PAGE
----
By Rawaa Talass
The art dealer Sholeh Abghari was born and raised in Tehran, and developed an interest in painting and collecting art from an early age.
She studied art history in Paris and art business in London, before setting up her eponymous gallery in the upscale Golden Mile area of Marbella, Spain in 2019.
Kayhan Life joined Abghari for a conversation at her gallery in Marbella, where she sat in front of a huge three-panel painting by Shahriar Ahmadi. She spoke of her move to Spain, Marbella’s art scene, and her passion for exhibiting Iranian artists.
What brought you to Spain in the first place?
I came here because we always had a summer place with my family. In 2017 or 2018, I met my husband here and we decided to stay. We started a family. I was always into art dealing. My husband told me: “Why don’t you get a place of your own?” I said Marbella wasn’t that cultural, it wasn’t my market. He really pushed me, and I listened to him. We found this place, immediately took it, and I started.
It’s true that Marbella is not a cultural hotspot, and is more of a resort. Do people here know much about art from Iran?
There are some people who know, believe it or not — for example, Belgians. At the gallery opening party, I organized an Iranian show and titled it ‘Iran Contemporary’ on purpose, because I wanted to focus on Iranian art. I showcased around 12 pieces from different generations. They were all inspired by classical Iranian art forms, such as calligraphy, poetry, and architecture.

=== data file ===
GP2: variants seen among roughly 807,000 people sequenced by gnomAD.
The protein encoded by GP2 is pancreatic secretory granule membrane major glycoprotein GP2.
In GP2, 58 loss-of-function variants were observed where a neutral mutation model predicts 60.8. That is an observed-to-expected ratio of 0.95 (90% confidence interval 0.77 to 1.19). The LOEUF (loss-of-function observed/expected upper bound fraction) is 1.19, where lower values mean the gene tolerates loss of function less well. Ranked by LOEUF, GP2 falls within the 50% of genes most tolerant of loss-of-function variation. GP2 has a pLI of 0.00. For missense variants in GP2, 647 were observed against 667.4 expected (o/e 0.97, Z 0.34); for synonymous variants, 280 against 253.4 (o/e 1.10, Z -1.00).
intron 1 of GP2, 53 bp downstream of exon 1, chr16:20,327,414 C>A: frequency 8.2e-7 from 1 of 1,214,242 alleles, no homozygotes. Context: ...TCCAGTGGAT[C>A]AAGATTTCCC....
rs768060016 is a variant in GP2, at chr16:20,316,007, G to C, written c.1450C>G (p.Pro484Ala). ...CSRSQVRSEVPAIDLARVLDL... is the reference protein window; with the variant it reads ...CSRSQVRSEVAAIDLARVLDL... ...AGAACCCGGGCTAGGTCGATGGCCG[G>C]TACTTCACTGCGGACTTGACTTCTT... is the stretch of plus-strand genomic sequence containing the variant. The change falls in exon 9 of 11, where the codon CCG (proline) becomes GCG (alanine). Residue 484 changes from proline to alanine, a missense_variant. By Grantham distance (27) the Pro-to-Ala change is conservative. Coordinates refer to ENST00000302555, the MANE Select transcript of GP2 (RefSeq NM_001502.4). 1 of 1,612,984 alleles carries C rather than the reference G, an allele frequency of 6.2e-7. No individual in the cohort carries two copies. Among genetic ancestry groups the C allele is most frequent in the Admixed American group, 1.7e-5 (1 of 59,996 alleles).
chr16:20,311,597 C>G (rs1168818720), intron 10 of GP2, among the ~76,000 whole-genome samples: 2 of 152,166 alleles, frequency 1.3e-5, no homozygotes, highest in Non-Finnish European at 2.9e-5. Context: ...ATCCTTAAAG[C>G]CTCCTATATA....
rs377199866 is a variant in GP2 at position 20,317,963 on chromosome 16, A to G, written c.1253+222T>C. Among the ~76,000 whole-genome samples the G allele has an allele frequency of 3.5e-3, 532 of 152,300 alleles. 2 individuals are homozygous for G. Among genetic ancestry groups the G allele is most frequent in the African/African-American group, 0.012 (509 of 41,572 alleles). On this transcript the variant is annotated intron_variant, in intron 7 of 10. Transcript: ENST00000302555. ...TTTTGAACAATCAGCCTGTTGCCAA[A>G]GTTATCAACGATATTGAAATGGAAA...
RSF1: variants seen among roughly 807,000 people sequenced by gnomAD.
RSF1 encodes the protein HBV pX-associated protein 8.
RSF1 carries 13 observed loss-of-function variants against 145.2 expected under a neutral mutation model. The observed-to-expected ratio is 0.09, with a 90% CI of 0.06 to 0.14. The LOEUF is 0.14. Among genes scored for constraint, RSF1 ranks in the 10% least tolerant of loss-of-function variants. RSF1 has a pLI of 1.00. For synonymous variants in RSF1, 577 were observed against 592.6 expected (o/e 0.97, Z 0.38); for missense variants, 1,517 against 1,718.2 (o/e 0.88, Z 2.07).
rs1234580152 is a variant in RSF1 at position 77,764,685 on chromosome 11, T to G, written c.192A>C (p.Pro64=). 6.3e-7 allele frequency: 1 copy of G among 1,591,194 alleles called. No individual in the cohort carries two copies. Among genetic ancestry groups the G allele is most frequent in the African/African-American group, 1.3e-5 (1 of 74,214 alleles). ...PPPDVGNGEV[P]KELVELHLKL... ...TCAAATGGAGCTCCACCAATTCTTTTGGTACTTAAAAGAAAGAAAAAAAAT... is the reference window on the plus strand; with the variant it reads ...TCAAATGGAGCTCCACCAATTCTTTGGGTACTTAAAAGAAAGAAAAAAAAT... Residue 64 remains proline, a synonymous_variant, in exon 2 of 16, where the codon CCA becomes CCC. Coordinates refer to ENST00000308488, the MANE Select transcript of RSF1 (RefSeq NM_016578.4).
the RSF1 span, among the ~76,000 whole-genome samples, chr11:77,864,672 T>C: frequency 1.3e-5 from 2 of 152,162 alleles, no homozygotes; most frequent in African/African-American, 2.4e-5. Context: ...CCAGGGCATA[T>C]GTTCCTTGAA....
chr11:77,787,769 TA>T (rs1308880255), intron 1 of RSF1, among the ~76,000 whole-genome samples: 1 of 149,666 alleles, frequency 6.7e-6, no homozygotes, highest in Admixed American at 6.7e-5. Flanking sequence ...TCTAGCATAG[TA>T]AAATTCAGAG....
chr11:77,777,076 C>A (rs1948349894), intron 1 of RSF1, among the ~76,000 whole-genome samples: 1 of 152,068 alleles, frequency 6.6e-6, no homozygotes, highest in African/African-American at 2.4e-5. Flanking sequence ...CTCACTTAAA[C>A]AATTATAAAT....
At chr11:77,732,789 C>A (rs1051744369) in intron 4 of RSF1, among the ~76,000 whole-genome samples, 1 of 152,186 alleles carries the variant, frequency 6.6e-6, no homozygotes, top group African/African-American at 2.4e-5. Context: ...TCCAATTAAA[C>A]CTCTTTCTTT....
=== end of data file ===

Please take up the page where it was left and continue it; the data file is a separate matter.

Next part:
People here are very international. They have different tastes and opinions. We had a very big opening: 300 people came.
What I learned was that it was a little too soon for this market to launch a 100 percent Iranian art show. I then adapted to the market, because Marbella is a Miami-style market. But I always make sure that I work with Iranian artists.
Why is that important you?
First of all, I’m Iranian. I definitely believe in the Iranian market. There are so many good Iranian artists in Iran who, because of the situation now, cannot come to international art fairs. So I work with galleries in Iran to help present their artists’ work in Europe or in any other market abroad. I just want to show the talents in my country, because for me, it is a fantastic country.
I don’t want Middle Eastern art to be for the Middle East only, you know? I want Middle Eastern art for everywhere. Art, itself, is very international. You cannot say it’s American, Japanese, French — art has one language.
Would you say that there’s an art scene here in Marbella?
Yes. There are several galleries here, and we do a gallery weekend in November to which we invite museum curators, directors of other galleries, people in the art industry in Spain. We have created an art scene, but it’s definitely not the same crowd as in London. It’s a young market, and we’re trying to educate the viewers in Marbella.
Where are your collectors from?
The Spanish market is a little different than other markets that I work with. The Spanish like to collect Spanish artists. So far, I’ve never had a Spanish collector, but I’ve had a lot of Germans and Belgians, people from the UAE, and a lot of Iranians.
Can you share your future plans for the gallery?
There is an artist I’m really investing my time in: Darius Yektai, who is the son of Manoucher Yektai. He lives in America and we’re planning to do great shows with him here.
Your daughter is with you here at the gallery. Does she have a connection with the art on display?
Yes — she and my other daughter have a connection because I also have a collection at home. I bring them to the gallery because I like them to be involved. It’s up to them what they want to be later on, but I think art, especially the history of art, is very important for everybody to be familiar with.
For more information on the gallery’s activities, head to www.sholehabghari.com